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19th November 2018

Dear Sri R K Mathur,

This is in reference to our conversation dated 8th November 2018. I thank you for your courtesy of
coming to my chambers, as I was suffering from knee pain. You have made some observations, which
you have heard from others, after my order for disclosure of wilful defaulters of bank loans and show
cause notice to the Governor of RBI. I ruminated over those points and I think that I have a duty to
explain my action in order to put the record straight.

The concerns should have been raised when the complaint of Mr. Shailesh Gandhi, against non-
compliance of his orders against RBI, in spite of SC’s confirmation, was dismissed by the Commission on
the excuse that it was not based on a RTI application. The fact that a RTI application of 2011 was the
basis of the litigation that reached Supreme Court has been simply ignored. The RBI declared it as a
policy not to disclose defaulters list and inspection reports in spite of the Supreme Court’s directions.
There was another opportunity for the Commission to secure compliance, but it was also lost, on ground
of pendency of a PIL. When I found a second appeal containing similar requests for information from
RBI, I directed RBI to comply with 11 orders of CIC as confirmed by the Supreme Court. I do not
understand why my action should lead to such remarks.

Here, I have tried to refer to and answer to those observations.

a) Observation: ‘When substantial part of RTI appeal deals with subject/s allotted to other
Information Commissioner/s, it should be sent to the other IC/s. Not sending is violation of
unwritten protocol.’
Response: Such a norm or a practice was never laid down anywhere anytime in the CIC. If an
appeal contains points pertaining to two different public authorities, it was never split into
two and given to two different ICs. I did not choose this appeal; it came to me in routine.
Neither the Registry nor the IC will sever such a matter into two pieces and share. You have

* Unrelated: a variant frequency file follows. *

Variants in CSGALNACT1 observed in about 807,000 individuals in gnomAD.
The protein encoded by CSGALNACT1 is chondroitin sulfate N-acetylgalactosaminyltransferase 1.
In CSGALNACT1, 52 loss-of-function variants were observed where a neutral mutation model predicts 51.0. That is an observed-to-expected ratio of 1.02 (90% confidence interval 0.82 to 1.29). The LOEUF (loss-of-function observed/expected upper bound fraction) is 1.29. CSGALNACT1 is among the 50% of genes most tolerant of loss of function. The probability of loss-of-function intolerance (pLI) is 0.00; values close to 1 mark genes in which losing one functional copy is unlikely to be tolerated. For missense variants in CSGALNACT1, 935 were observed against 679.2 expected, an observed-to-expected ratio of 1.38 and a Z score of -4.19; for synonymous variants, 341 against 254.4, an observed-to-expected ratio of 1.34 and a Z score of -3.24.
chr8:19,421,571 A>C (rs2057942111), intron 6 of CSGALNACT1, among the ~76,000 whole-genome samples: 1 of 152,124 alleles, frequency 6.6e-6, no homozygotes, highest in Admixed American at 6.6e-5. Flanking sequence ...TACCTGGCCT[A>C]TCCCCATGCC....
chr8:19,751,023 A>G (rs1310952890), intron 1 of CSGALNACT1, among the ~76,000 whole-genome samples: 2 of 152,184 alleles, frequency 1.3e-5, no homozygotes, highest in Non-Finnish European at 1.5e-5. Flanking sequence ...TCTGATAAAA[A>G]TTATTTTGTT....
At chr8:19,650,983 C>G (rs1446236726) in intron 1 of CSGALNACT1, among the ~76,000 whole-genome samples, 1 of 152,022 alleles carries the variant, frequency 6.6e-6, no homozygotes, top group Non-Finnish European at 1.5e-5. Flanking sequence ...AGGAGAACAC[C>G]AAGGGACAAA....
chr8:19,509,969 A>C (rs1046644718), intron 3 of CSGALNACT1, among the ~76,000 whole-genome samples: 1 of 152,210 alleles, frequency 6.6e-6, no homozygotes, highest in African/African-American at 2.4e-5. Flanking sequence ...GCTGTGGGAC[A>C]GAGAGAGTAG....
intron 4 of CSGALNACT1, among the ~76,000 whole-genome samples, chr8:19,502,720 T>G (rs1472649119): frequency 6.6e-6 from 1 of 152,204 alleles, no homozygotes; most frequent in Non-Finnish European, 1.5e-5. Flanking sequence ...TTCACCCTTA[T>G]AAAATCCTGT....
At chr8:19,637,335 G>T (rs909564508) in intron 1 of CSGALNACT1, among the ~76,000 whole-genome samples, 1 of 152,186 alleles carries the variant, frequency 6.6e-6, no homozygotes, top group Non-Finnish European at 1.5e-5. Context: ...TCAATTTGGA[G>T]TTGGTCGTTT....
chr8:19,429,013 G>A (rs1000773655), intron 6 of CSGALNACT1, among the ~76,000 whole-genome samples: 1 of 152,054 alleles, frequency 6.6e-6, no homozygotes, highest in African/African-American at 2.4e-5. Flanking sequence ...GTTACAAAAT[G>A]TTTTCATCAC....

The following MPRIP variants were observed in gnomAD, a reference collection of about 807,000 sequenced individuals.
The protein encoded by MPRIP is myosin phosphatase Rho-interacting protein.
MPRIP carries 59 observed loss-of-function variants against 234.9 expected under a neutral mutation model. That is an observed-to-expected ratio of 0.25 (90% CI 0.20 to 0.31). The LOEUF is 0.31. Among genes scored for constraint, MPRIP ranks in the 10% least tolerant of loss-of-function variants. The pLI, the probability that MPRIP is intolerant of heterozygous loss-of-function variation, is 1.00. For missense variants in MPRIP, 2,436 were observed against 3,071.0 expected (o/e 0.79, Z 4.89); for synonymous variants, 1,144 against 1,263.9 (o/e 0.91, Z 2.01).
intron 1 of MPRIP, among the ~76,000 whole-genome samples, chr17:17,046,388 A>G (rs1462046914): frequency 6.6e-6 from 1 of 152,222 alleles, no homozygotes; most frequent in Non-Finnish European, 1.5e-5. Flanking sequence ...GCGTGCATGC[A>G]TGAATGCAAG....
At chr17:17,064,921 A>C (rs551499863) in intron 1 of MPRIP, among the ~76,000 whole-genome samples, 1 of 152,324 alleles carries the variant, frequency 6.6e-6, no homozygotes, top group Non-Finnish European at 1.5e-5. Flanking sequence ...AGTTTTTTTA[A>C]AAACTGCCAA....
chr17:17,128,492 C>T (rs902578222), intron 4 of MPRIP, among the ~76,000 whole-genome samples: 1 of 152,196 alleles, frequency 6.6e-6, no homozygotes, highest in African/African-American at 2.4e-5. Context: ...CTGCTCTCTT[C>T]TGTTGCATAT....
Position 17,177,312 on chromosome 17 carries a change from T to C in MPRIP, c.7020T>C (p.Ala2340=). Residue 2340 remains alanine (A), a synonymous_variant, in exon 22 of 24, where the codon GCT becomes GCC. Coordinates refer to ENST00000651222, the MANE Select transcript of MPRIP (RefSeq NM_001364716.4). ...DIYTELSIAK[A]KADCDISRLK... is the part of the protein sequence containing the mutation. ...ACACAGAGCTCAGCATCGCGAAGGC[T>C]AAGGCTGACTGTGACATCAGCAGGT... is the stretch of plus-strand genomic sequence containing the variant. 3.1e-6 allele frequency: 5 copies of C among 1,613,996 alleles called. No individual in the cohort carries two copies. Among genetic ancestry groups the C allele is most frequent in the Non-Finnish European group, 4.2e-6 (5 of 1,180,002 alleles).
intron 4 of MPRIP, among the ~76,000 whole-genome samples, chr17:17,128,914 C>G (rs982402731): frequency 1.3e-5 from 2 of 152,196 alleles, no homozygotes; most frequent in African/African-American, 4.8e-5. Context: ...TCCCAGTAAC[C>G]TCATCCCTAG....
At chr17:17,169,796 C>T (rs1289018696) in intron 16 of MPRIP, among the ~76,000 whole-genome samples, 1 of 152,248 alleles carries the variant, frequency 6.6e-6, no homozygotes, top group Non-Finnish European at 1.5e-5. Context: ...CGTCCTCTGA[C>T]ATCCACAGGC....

suggested that I breached unwritten protocol. A protocol is always written. What you
suggested was unheard of.
b) Observation: ‘It has put another Information Commissioner dealing with that subject in an
embarrassing position. Hence, it should have been avoided.’
Response: Information Commissioner’s primary duty is to uphold and implement RTI Act,
which was being violated by important public authorities like RBI. Depending on the context,
the IC issues directions to other authorities also, irrespective of the fact that it was dealt with
by other IC. It is a legally valid practice in general. Entire Commission should feel embarrassed
when its order is not being complied with like this.
c) Observation: ‘The CIC should speak in one voice. There should not be any difference of opinion
between two Commissioners’ orders. The Division Bench of ICs had decided on the same matter.
You gave a different order.’
Response: The two-IC-bench did not decide the matter at all. It was simply adjourned
indefinitely. There was neither ruling nor direction. It was an adjournment to wait for final
decision of Supreme Court. There was a PIL for disclosure of names of wilful defaulters filed in
2003, much prior to enactment of RTI Act, 2005. As per Section 8(2)(b) mere pendency of lis
(i.e. sub-judice) is not a ground for rejecting an RTI, only that information which is barred from
disclosure by courts need not be given. This was totally ignored by CIC, which could have been
criticized as non-performance of a statutory duty. In contrast, Supreme Court’s division bench,